The Guiding Principles themselves changed mid-course, so it is difficult to attribute any particular recommendation to principles versus preferences.

    From the May 8, 2017 High School Boundary Task Force documents:

    • Ground decisions in data.
    • Create boundaries that reflect equitable access to services and programs.
    • Maximize walkability.
    • Enable cost-effective transportation standards.
    • Maintain key features of New Student Assignment Plan (e.g. opportunities for creating diversity within boundaries, choice, option schools, feeder patterns)
    • Minimize disruptions by aligning new boundaries with current attendance area boundaries when feasible.
    • Be mindful of fiscal impact (costs and savings).
    • Be responsive to family input to the extent feasible.

    Latest Principles:
    • Equity: Use an equity lens to ensure that the changes don’t unfairly impact students with higher needs.
    • Align high school boundaries with elementary and middle school feeder patterns as much as possible.
    • Use data, such as enrollment counts, enrollment projections, capture rates, student demographics, etc., to inform decisions.
    • Create high schools that are the optimal size so that there can be a diversity of programs and services for students at their schools.
    • Minimize fiscal impact.
    • Minimize disruption to existing boundaries.

    The latest principles were around for quite a while before Hv2 emerged (while E & F were the frontrunners).

    I wouldn’t call an observation about causality “fake news.” There are a lot of moving parts and special interests. The notion that the task force has recommended anything other than Hv2 is fake news at this point.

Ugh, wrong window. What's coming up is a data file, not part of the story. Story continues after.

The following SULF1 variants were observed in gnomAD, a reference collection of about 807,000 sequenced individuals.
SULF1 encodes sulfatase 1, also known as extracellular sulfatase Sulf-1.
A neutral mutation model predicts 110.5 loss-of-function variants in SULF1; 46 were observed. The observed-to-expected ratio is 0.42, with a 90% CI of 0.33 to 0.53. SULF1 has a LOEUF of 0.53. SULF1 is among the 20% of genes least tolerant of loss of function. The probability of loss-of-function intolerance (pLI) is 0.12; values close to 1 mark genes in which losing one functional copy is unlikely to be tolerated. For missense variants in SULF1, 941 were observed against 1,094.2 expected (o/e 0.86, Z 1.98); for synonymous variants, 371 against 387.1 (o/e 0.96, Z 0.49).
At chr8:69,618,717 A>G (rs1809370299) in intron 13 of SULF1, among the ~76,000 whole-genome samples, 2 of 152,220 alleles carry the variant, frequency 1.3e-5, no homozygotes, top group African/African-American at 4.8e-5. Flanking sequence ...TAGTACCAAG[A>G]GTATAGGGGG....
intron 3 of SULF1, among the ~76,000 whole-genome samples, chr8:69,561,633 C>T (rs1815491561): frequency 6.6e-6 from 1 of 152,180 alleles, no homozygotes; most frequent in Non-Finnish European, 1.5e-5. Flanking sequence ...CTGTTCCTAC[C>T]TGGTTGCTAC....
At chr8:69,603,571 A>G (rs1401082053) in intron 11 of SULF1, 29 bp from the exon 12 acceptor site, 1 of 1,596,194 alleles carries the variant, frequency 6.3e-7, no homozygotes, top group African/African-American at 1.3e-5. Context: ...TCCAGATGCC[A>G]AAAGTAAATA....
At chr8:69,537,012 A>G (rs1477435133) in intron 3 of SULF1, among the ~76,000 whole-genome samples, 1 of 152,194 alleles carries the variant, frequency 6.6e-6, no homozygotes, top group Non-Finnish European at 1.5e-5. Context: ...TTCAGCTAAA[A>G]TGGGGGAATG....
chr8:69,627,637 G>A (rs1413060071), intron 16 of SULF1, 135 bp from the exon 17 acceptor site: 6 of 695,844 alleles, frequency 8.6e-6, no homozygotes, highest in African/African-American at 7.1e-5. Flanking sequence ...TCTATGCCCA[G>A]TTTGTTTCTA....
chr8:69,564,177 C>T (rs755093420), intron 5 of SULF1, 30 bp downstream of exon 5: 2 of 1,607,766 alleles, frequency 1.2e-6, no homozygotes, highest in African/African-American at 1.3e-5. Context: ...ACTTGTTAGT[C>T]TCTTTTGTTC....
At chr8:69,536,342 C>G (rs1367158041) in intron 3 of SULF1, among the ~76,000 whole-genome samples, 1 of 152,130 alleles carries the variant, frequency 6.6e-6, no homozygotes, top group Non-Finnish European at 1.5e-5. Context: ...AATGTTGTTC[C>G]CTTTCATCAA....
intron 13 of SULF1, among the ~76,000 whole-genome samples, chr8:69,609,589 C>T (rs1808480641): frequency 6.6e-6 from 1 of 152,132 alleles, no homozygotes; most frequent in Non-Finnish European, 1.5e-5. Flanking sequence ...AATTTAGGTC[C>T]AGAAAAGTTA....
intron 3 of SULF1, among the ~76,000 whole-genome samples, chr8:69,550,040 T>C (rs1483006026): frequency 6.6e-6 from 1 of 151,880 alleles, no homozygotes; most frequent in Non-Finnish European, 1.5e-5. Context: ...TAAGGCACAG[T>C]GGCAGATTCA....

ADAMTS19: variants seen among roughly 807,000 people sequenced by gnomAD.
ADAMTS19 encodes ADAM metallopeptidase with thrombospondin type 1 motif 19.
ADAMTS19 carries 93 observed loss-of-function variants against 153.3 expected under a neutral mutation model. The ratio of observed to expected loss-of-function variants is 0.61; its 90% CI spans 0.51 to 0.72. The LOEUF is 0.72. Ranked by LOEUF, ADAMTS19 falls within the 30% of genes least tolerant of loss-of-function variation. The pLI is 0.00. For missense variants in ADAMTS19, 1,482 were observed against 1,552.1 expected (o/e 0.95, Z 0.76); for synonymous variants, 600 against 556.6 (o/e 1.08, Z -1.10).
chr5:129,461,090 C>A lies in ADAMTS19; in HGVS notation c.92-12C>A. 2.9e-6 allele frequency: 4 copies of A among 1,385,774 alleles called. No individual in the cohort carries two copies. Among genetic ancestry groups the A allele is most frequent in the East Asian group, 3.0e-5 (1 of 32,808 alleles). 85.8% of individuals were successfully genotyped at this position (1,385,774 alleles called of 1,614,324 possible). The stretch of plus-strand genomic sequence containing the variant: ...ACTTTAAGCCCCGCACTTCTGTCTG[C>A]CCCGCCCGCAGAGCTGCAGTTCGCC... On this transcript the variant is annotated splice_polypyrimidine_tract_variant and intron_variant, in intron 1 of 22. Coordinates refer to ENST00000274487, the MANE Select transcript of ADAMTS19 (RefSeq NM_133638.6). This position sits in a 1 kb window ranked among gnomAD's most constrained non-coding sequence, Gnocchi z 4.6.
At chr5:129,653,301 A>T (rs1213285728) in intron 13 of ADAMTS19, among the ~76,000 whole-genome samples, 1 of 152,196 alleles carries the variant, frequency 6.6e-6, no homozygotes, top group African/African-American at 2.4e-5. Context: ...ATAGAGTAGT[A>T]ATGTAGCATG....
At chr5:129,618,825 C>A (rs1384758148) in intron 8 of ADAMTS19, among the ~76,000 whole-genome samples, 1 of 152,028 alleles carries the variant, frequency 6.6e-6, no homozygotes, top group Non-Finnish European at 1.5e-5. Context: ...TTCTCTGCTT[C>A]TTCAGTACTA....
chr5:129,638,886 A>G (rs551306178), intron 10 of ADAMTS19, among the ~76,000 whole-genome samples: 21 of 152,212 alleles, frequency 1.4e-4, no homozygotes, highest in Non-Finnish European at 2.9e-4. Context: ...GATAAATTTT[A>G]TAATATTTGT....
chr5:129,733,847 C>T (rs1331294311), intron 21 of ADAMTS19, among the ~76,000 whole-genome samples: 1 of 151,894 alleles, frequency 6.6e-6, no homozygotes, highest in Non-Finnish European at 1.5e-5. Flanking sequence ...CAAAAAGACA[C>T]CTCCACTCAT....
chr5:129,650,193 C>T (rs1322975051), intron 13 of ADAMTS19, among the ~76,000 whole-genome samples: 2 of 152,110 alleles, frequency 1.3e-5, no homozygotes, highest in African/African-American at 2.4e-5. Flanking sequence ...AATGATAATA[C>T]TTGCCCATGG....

Happy Holidays!

  5. I think one thing everyone is forgetting in this is the kids that will actually USE these schools. If we ask them what is most important I would bet their top priority would be going to school with their friends & not which school has advanced classes or a bigger sport field, etc.

    Right now the feeder patterns are not consistent. Kids from whittier / loyal heights feed into Whitman but then are split down 80th or 85th and are sent to Ingraham. New plans split the McClure middle school kids in half from Lincoln to Ballard. I can’t imagine how hard it is if you are sent to a different high school from most of the friends you had from K-8 and have to try to forge new friendships. Hv2 was the only scenario that made an attempt at keeping kids together from elementary to middle school to high school and now Hv3 does it too aggressively at the expense of walkability and reason.

    I am not sure why the highly capable pathways are being given such weight? I would think that a public school first and foremost should serve the needs of the average student and prioritize students lives (transportation & social/emotional issues) since those greatly impact learning as well.

    And as far as “we pay the most taxes we get first dibs” that does not serve the public school model. The adults paying the taxes aren’t using the schools, their kids are and ALL the kids in Seattle deserve a fair shot at a good school, that’s not too far or too hard to get to with good educational resources. Call me a dreamer but I would hope that people can see beyond just their own child to the academic and social well being of the students in more neighborhoods.

    All good points. Please let me know how I can be more involved in maintaining the 80th-85th boundary. I plan to attend the meeting on the 3rd, but if there are any other opportunities to voice an opinion, I would like to know.